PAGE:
T-Cells Attacking Cancer Cell
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The biotech company Aethon Therapeutics has launched in New York to develop antibody immunotherapies for tumors that have developed resistance to current cancer drugs. The company is funding its work with a $30 million Series A round.

Aethon is the result of an alliance between the life sciences venture capital firm ATP and a research team from the Perlmutter Cancer Center at NYU Langone Health. The researchers, led by Shohei Koide and Benjamin G. Neel, published promising preclinical data from their antibody technology HapImmune in December 2022.

Some cancer drugs can covalently bind to therapeutic targets inside cancer cells. One example is sotorasib, which is approved to treat non-small-cell lung cancer by blocking a mutated form of the protein KRAS. However, cancer cells can evolve to resist covalent blockers when they bind to their targets, leading the cancer to recur.

To solve this problem, Aethon looks to the major histocompatibility complex (MHC), a molecule on the cell surface that can betray signs of cancer or infection to nearby immune cells. In the case of sotorasib-resistant tumor cells, drug-bound fragments of mutant KRAS can get displayed on a cancer cell’s MHCs.

Aethon is using the HapImmune platform to develop antibodies that can recognize fragments of drug-bound cancer targets on the cancer cell’s MHCs, and avoid forms of the target that aren’t bound by a drug molecule. It then engineers them into bispecific antibodies that recruit immune T cells when they detect drug-resistant cancer cells, triggering the destruction of the tumor cell.

“ATP worked with Koide and Neel to establish Aethon because we were struck by the  novelty of their original observation: That when covalent inhibitors bind to their target proteins inside cancer cells, they produce a peptide conjugate ‘beacon’ that is delivered only to the surface of cancer cells, not to healthy cells,” said Raj Chopra, head of Oncology at ATP and Aethon’s acting CEO, in a public statement. “Aethon has discovered customized antibodies that home in on that beacon, making the cancer cells vulnerable to attack.”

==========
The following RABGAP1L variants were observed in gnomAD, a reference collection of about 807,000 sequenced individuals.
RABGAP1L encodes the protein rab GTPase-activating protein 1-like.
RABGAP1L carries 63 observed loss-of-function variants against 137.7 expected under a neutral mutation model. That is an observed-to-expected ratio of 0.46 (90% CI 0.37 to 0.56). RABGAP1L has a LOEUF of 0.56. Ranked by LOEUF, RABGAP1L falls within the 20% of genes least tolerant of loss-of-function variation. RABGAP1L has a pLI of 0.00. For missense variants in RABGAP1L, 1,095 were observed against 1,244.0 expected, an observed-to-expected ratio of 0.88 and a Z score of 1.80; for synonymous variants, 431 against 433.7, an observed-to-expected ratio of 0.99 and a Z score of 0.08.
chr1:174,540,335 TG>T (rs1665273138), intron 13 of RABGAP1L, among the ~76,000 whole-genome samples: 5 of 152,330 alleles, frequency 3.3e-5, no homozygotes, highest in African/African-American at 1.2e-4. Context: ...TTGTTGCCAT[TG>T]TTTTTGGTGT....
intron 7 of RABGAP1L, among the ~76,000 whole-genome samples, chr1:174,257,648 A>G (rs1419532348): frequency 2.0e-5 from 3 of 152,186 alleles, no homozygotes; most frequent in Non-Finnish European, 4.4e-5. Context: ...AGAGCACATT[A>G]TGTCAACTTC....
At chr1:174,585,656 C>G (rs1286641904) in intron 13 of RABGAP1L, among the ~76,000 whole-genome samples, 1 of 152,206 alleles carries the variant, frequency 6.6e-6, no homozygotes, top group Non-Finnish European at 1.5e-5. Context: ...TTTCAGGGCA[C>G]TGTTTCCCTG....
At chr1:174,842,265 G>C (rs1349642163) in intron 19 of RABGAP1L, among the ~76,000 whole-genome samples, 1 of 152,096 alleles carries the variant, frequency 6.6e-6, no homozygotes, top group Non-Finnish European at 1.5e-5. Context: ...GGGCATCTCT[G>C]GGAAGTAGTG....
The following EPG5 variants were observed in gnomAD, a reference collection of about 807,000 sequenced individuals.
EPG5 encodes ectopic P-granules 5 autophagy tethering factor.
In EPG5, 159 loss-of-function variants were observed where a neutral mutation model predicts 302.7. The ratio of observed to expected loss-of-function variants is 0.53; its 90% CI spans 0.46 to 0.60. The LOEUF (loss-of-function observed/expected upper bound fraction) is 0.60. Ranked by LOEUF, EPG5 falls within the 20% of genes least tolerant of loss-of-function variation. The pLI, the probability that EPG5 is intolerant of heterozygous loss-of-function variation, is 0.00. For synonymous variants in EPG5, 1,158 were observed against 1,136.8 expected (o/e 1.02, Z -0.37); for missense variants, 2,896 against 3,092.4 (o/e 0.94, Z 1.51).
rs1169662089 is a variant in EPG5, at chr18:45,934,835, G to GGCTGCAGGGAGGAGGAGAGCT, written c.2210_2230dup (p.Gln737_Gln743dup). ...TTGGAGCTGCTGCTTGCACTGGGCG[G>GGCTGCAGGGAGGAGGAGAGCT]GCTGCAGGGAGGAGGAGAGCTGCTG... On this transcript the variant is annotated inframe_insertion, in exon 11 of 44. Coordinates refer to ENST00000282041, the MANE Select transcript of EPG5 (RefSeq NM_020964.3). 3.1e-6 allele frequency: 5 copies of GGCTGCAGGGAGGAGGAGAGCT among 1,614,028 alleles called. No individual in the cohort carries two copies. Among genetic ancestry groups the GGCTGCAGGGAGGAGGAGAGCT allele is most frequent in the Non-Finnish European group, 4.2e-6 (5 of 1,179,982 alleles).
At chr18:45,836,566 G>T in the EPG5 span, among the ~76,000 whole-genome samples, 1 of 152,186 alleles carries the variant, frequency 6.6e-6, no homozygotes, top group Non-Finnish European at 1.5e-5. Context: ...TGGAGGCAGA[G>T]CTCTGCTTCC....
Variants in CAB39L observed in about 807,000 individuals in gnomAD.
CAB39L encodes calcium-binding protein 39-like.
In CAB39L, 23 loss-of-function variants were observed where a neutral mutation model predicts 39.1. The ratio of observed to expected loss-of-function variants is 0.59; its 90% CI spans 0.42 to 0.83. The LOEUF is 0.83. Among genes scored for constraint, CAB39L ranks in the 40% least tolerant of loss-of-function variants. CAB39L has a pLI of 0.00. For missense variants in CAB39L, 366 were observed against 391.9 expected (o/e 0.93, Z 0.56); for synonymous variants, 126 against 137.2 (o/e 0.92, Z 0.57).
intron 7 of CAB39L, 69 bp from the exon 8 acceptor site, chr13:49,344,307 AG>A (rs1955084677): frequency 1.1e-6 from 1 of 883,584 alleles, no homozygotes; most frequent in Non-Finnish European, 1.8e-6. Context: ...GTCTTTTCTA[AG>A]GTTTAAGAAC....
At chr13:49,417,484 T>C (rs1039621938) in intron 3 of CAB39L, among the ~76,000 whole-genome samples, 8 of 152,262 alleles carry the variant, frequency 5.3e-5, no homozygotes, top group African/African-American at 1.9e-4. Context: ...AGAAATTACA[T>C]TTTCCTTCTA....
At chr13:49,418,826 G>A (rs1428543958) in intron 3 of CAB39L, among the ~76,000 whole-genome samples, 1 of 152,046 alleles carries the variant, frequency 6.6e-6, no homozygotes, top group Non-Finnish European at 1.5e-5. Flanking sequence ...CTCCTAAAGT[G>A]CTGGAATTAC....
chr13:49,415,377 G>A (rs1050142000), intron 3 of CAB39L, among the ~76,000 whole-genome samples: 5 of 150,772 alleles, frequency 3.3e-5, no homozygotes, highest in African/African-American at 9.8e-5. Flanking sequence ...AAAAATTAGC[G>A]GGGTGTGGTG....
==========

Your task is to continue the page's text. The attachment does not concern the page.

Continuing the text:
Aethon is developing drug programs to tackle malignancies that become resistant to covalent blockers of mutated KRAS and another cancer target called EGFR, with the first clinical trials expected in 2025. The firm will initially focus on pairing its antibody drugs with existing covalent blockers of these cancer targets, but eventually plans to develop its own covalent compounds against other targets.

“Immuno-oncology therapy can be curative, but it is not applicable to most tumors or  intracellular proteins because many cancers lack neoantigens recognizable by the immune  system,” stated Koide. “By uniting immunotherapy and targeted therapy in this way, we hope to amplify the power of both.”

It is theoretically possible that the cancer cells also become resistant to Aethon’s HapImmune candidates if mutations prevent binding of the covalent blocker to its cancer target. However, Chopra explained in an email to Inside Precision Medicine that this scenario is relatively uncommon.

Aethon’s $30 million Series A round includes $25 million from ATP. NYU Langone Health also participated in the funding round, and has licensed the HapImmune intellectual property to Aethon.

One of the closest competitors to Aethon is Hap10 Bio, a startup that was recently founded by a group at the University of California San Francisco. Chopra said that the Hap10 Bio founding team arrived at a very similar approach to Aethon’s independently, giving this strategy more weight. He also sees Aethon’s technology as having several advantages over that of Hap10 Bio, with one being that Aethon focuses on more cancer targets at the moment.

“We would say that Aethon has a structural advantage in that we engineer antibodies that are not competed out by free drug—that is, the targeted drug will not compete with one of our antibodies,” added Chopra.

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